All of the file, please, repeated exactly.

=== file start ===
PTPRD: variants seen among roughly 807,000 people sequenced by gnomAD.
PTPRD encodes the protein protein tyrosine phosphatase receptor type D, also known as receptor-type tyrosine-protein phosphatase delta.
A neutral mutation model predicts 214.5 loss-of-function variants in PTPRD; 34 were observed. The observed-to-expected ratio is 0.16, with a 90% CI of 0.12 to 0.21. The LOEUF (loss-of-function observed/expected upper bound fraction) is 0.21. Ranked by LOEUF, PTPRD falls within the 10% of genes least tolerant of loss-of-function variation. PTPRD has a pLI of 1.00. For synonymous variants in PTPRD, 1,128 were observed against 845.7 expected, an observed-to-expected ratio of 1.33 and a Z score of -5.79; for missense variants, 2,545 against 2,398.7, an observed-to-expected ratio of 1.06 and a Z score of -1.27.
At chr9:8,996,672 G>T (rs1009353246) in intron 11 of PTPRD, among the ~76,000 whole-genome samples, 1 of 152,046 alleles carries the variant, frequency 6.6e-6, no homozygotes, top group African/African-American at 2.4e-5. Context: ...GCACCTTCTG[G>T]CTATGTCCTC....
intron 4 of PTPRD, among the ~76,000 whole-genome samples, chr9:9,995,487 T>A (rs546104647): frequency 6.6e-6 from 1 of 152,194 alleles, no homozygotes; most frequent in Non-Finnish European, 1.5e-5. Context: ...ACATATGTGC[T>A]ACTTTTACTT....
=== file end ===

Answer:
PTPRD: variants seen among roughly 807,000 people sequenced by gnomAD.
PTPRD encodes the protein protein tyrosine phosphatase receptor type D, also known as receptor-type tyrosine-protein phosphatase delta.
A neutral mutation model predicts 214.5 loss-of-function variants in PTPRD; 34 were observed. The observed-to-expected ratio is 0.16, with a 90% CI of 0.12 to 0.21. The LOEUF (loss-of-function observed/expected upper bound fraction) is 0.21. Ranked by LOEUF, PTPRD falls within the 10% of genes least tolerant of loss-of-function variation. PTPRD has a pLI of 1.00. For synonymous variants in PTPRD, 1,128 were observed against 845.7 expected, an observed-to-expected ratio of 1.33 and a Z score of -5.79; for missense variants, 2,545 against 2,398.7, an observed-to-expected ratio of 1.06 and a Z score of -1.27.
At chr9:8,996,672 G>T (rs1009353246) in intron 11 of PTPRD, among the ~76,000 whole-genome samples, 1 of 152,046 alleles carries the variant, frequency 6.6e-6, no homozygotes, top group African/African-American at 2.4e-5. Context: ...GCACCTTCTG[G>T]CTATGTCCTC....
intron 4 of PTPRD, among the ~76,000 whole-genome samples, chr9:9,995,487 T>A (rs546104647): frequency 6.6e-6 from 1 of 152,194 alleles, no homozygotes; most frequent in Non-Finnish European, 1.5e-5. Context: ...ACATATGTGC[T>A]ACTTTTACTT....